Transposons have also been considered as candidates for the root cause of many xenia phenomena. However, transposons only move between chromosomes. They do not “jump” from syngamous tissue to maternal tissue as Denney (1992) pointed out. Kermicle (1978) described the phenomenon of imprinting, in which there is preferential expression of genes depending on whether the genes were inherited from the paternal or the maternal side. Paternal imprinting can clearly affect endosperm development and kernel size in corn, thus explaining certain cases of xenia. Such imprinting, or parent-specific gene expression (PSGE), occurs in higher plants. Although the theory that PSGE solves genetic conflict between mother and father is widely accepted, de Jong and Scott (2007) argued that the conditions for PSGE to evolve are restricted. With respect to seed size, PSGE can only evolve when the developing offspring has a strong effect on its own resource acquisition.
Traditionally, RNA molecules are thought to function within the same cell in which they are generated. Recent evidence, however, reveals that in addition to this conventional role, RNA also acts as a noncell-autonomous signal molecule that travels intercellularly to regulate gene expression in remote target tissues. Kim et al. (2001) demonstrated that endogenous mRNA molecules not only travel between plant cells, but also are capable of causing phenotypic change in developing tissue. Kudo and Harada (2007) also showed that a graft-transmissible RNA from tomato rootstock without any leaves can change leaf morphology of the potato. More interestingly, mRNAs have been reported not only in mammalian spermatozoa, but also in the male gametes of plants. For example, Engel et al. (2003) showed that the sperm cells of Zea mays have a complex complement of mRNAs. It has been suggested Darwin's so-called gemmules could include RNAs, particularly mRNA and small RNAs (Liu, 2006). These reports lead me to assume that, during fertilization, pollen releases mRNAs, which diffuse out into the tissues of the mother plant and there the translocated mRNAs cause changes in size, shape, color, developmental timing, and chemical composition of seeds and fruits, varying according to the particular male parent. This idea is consistent with Darwin's pangenetic explanation.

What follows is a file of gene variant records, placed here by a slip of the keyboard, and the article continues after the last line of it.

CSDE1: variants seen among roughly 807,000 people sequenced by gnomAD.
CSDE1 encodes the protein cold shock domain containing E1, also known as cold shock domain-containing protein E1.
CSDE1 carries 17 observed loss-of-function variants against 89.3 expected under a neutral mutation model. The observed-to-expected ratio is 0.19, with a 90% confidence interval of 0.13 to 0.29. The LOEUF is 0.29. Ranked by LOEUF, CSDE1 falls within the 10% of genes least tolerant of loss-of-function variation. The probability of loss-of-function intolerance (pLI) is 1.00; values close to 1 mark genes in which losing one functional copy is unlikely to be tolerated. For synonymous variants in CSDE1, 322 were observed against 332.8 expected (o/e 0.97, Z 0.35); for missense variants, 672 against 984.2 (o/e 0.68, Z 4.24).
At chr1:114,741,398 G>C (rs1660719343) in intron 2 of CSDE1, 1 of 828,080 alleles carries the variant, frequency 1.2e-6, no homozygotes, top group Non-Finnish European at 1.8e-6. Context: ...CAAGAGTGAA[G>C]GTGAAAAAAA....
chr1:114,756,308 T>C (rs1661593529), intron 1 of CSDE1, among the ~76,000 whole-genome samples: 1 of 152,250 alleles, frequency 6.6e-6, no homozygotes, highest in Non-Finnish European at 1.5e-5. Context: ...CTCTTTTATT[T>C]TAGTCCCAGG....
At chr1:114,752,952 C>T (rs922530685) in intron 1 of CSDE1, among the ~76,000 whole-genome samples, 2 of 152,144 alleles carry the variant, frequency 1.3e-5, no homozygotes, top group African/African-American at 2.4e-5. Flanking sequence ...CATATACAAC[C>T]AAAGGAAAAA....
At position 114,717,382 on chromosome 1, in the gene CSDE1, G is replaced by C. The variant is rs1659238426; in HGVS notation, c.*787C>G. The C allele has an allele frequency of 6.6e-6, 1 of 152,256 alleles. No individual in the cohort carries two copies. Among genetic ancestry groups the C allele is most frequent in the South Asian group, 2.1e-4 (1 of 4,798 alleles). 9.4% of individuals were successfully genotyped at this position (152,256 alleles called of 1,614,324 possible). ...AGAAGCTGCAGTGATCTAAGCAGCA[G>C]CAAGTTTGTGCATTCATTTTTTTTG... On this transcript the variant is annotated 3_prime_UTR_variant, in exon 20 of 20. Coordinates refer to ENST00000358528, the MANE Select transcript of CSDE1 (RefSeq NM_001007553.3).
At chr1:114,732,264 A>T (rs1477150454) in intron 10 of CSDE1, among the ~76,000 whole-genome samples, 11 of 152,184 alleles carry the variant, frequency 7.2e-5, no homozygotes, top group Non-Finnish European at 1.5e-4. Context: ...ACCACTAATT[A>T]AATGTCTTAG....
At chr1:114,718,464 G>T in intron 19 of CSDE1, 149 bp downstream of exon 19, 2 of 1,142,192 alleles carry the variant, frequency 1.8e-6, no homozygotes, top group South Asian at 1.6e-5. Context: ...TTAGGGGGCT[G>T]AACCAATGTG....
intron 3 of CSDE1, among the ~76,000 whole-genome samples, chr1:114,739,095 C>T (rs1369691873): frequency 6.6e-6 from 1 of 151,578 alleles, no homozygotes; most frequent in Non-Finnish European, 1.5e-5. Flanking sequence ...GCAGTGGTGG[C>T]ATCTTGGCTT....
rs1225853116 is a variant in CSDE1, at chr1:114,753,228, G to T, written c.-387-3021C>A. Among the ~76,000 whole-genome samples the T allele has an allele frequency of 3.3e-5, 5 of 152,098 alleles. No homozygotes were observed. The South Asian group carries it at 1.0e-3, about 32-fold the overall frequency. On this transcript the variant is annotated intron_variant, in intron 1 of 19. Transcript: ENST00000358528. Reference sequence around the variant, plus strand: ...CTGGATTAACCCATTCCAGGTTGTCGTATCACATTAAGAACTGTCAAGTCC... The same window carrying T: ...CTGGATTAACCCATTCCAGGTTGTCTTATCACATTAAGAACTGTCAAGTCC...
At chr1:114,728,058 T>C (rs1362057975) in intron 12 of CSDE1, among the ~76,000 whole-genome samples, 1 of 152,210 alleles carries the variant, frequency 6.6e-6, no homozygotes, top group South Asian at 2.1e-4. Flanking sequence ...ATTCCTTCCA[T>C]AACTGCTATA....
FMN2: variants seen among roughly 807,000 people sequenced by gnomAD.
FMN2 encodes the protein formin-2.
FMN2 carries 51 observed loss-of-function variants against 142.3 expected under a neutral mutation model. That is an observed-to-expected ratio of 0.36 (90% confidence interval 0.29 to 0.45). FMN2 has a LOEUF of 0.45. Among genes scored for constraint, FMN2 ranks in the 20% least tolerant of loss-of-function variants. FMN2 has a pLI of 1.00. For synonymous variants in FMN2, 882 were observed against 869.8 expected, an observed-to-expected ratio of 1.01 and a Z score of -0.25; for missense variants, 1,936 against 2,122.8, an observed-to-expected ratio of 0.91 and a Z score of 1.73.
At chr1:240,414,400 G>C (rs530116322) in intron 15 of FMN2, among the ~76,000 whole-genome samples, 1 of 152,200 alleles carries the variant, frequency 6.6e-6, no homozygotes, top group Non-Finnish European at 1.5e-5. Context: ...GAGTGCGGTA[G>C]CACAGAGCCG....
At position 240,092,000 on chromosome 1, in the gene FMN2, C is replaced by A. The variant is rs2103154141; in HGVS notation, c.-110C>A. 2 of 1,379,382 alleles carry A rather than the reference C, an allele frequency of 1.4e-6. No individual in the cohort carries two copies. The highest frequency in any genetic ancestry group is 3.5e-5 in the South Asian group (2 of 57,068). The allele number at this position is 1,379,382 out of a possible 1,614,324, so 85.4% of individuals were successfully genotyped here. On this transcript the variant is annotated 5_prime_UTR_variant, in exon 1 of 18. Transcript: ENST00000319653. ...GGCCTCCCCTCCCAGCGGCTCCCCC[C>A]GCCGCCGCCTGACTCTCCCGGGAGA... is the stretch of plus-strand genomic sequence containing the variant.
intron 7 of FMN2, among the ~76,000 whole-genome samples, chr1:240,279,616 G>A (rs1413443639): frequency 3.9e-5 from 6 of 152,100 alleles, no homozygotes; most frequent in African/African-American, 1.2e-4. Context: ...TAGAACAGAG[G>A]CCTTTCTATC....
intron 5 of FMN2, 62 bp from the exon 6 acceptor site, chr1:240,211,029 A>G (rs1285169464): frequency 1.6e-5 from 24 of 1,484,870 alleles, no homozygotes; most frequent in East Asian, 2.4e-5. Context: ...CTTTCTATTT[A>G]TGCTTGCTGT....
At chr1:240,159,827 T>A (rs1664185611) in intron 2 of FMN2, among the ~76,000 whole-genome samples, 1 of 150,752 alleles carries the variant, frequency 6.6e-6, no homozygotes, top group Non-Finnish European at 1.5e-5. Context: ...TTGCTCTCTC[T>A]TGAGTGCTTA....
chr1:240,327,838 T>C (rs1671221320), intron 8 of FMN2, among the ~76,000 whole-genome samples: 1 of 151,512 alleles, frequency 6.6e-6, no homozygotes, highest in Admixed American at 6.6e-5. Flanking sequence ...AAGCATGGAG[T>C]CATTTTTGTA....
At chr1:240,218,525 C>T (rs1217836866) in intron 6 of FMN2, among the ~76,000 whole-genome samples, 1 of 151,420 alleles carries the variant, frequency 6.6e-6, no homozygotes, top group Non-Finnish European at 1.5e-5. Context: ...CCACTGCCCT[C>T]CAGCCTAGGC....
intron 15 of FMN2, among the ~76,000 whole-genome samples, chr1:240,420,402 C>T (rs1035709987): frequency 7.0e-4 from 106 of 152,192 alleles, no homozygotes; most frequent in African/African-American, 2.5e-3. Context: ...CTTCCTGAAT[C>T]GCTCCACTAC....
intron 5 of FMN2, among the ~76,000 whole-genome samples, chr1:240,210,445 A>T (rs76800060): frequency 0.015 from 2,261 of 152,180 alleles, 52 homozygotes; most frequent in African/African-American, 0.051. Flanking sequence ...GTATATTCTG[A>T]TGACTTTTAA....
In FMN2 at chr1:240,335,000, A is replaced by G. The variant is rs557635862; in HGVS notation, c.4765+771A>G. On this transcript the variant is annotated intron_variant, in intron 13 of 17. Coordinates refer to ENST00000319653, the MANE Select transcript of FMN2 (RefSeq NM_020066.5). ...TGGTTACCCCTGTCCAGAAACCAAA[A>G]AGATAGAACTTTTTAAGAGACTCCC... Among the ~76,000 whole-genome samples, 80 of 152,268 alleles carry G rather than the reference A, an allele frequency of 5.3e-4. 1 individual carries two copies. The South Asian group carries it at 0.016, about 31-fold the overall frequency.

Dag, A. & Mizrahi, Y. 2005 Effect of pollination method on fruit set and fruit characteristics in the vine cactus Selenicereus megalanthus (‘yellow pitaya’) J. Hort. Sci. Biotechnol. 80 618 622
de Jong, T.J. & Scott, R.J. 2007 Parental conflict does not necessarily lead to the evolution of imprinting Trends Plant Sci. 12 439 443
Kim, M., Canio, W., Kessler, S. & Sinha, N. 2001 Developmental changes due to long-distance movement of a homebox fusion transcript in tomato Science 293 287 289
Kudo, H. & Harada, T. 2007 A graft-transmissible RNA from tomato rootstock changes leaf morphology of potato scion HortScience 42 225 226